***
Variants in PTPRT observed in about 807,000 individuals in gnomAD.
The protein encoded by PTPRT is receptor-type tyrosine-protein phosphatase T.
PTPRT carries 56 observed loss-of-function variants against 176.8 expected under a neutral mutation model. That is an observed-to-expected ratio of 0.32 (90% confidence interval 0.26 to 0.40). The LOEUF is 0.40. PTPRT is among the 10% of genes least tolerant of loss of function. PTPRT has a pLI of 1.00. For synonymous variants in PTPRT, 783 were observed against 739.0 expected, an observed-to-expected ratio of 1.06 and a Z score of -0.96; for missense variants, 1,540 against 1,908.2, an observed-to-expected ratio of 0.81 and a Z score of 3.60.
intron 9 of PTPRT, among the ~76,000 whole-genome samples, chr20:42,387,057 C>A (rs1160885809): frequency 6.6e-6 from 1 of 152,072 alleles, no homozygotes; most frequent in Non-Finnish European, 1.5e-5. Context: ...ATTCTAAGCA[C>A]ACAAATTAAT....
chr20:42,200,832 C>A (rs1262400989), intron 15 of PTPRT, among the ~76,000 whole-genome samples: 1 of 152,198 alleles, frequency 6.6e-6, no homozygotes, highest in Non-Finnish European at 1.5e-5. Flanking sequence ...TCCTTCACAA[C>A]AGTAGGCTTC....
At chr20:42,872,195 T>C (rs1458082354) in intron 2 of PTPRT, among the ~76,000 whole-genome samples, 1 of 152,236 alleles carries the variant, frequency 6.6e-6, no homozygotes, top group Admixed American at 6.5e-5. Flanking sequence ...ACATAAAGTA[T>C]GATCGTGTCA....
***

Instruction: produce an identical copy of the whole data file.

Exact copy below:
Variants in PTPRT observed in about 807,000 individuals in gnomAD.
The protein encoded by PTPRT is receptor-type tyrosine-protein phosphatase T.
PTPRT carries 56 observed loss-of-function variants against 176.8 expected under a neutral mutation model. That is an observed-to-expected ratio of 0.32 (90% confidence interval 0.26 to 0.40). The LOEUF is 0.40. PTPRT is among the 10% of genes least tolerant of loss of function. PTPRT has a pLI of 1.00. For synonymous variants in PTPRT, 783 were observed against 739.0 expected, an observed-to-expected ratio of 1.06 and a Z score of -0.96; for missense variants, 1,540 against 1,908.2, an observed-to-expected ratio of 0.81 and a Z score of 3.60.
intron 9 of PTPRT, among the ~76,000 whole-genome samples, chr20:42,387,057 C>A (rs1160885809): frequency 6.6e-6 from 1 of 152,072 alleles, no homozygotes; most frequent in Non-Finnish European, 1.5e-5. Context: ...ATTCTAAGCA[C>A]ACAAATTAAT....
chr20:42,200,832 C>A (rs1262400989), intron 15 of PTPRT, among the ~76,000 whole-genome samples: 1 of 152,198 alleles, frequency 6.6e-6, no homozygotes, highest in Non-Finnish European at 1.5e-5. Flanking sequence ...TCCTTCACAA[C>A]AGTAGGCTTC....
At chr20:42,872,195 T>C (rs1458082354) in intron 2 of PTPRT, among the ~76,000 whole-genome samples, 1 of 152,236 alleles carries the variant, frequency 6.6e-6, no homozygotes, top group Admixed American at 6.5e-5. Flanking sequence ...ACATAAAGTA[T>C]GATCGTGTCA....